Years after women Japanese train spotters were given the nickname “Tetsuko,” which loosely translates as rail girl, officials of Narita airport and nearby Narita city recently coined the word “Sorami” — air girl — to describe members of Japan’s growing band of women plane spotters.
Just as a Tetsuko would crisscross the nation to photograph different trains, so a Sorami such as Ayumi Fukuda, a 34-year-old public servant from Takaishi, Osaka Prefecture, travels from Hokkaido in the north to Okinawa in the south to capture images of airplanes.
In May she was one of 27 participants in an event organized for Sorami in Narita, Chiba Prefecture.
“I don’t understand why airplanes can fly, and that’s why I’m attracted to them,” said Fukuda, a plane spotter of five years. The event was organized by “Narita Kuentai,” a group consisting of employees of the Narita municipal government and of Narita airport that works for the development of the local community.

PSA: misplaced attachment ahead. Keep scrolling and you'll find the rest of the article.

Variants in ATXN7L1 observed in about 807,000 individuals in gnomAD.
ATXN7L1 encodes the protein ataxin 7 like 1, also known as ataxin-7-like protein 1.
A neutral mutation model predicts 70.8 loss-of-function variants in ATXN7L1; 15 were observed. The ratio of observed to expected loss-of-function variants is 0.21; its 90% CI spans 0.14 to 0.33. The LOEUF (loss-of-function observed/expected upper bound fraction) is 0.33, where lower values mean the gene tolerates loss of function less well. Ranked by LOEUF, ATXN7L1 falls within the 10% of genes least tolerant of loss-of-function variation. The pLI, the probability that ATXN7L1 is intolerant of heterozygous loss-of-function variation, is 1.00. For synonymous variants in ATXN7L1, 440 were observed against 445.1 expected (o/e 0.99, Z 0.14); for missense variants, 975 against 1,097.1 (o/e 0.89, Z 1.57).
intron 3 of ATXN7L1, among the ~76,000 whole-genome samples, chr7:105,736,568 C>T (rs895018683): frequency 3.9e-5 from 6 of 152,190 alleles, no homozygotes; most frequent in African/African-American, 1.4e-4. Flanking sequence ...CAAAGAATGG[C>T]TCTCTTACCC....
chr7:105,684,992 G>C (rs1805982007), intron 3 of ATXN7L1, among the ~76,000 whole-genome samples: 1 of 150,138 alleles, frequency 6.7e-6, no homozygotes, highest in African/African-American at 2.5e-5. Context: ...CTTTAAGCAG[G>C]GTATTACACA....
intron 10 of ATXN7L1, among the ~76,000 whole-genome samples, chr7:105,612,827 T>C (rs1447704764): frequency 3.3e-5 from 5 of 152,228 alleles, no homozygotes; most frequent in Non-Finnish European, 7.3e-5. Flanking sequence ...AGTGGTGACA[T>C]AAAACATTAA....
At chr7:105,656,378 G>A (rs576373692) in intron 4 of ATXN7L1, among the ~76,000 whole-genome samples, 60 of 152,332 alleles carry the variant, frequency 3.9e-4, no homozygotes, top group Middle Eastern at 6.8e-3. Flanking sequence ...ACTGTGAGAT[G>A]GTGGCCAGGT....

After gathering at a hotel in the city, the participants, mostly in their 20s and 30s, were given a tour of a park close to the airport and taken to a Japan Airlines hangar to photograph planes.
“It’s huge!” “Beautiful!” the assembled Sorami exclaimed as they entered the hangar and set eyes on JAL’s Boeing 787, the state-of-the-art passenger jet nicknamed Dreamliner. Some lay on the ground to photograph the plane from a certain angle, while others posed in front of the jet for photos with mechanics, who were acting as tour guides.
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